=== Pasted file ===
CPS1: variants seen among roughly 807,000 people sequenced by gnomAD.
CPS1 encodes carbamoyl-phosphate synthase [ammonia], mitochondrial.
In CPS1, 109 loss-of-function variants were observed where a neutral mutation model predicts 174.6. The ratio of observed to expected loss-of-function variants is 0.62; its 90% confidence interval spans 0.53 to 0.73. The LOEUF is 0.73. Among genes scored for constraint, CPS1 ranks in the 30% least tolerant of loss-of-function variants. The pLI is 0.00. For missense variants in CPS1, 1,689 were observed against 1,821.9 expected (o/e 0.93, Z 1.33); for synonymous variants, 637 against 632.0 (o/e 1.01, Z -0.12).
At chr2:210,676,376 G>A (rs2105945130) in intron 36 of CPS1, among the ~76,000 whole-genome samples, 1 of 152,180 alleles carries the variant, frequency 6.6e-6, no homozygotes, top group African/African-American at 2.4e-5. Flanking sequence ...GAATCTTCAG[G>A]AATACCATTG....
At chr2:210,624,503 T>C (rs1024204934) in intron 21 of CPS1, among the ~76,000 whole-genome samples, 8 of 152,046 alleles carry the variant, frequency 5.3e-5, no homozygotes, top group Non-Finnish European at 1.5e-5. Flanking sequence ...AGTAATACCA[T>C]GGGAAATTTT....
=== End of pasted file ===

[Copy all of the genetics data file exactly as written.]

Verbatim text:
CPS1: variants seen among roughly 807,000 people sequenced by gnomAD.
CPS1 encodes carbamoyl-phosphate synthase [ammonia], mitochondrial.
In CPS1, 109 loss-of-function variants were observed where a neutral mutation model predicts 174.6. The ratio of observed to expected loss-of-function variants is 0.62; its 90% confidence interval spans 0.53 to 0.73. The LOEUF is 0.73. Among genes scored for constraint, CPS1 ranks in the 30% least tolerant of loss-of-function variants. The pLI is 0.00. For missense variants in CPS1, 1,689 were observed against 1,821.9 expected (o/e 0.93, Z 1.33); for synonymous variants, 637 against 632.0 (o/e 1.01, Z -0.12).
At chr2:210,676,376 G>A (rs2105945130) in intron 36 of CPS1, among the ~76,000 whole-genome samples, 1 of 152,180 alleles carries the variant, frequency 6.6e-6, no homozygotes, top group African/African-American at 2.4e-5. Flanking sequence ...GAATCTTCAG[G>A]AATACCATTG....
At chr2:210,624,503 T>C (rs1024204934) in intron 21 of CPS1, among the ~76,000 whole-genome samples, 8 of 152,046 alleles carry the variant, frequency 5.3e-5, no homozygotes, top group Non-Finnish European at 1.5e-5. Flanking sequence ...AGTAATACCA[T>C]GGGAAATTTT....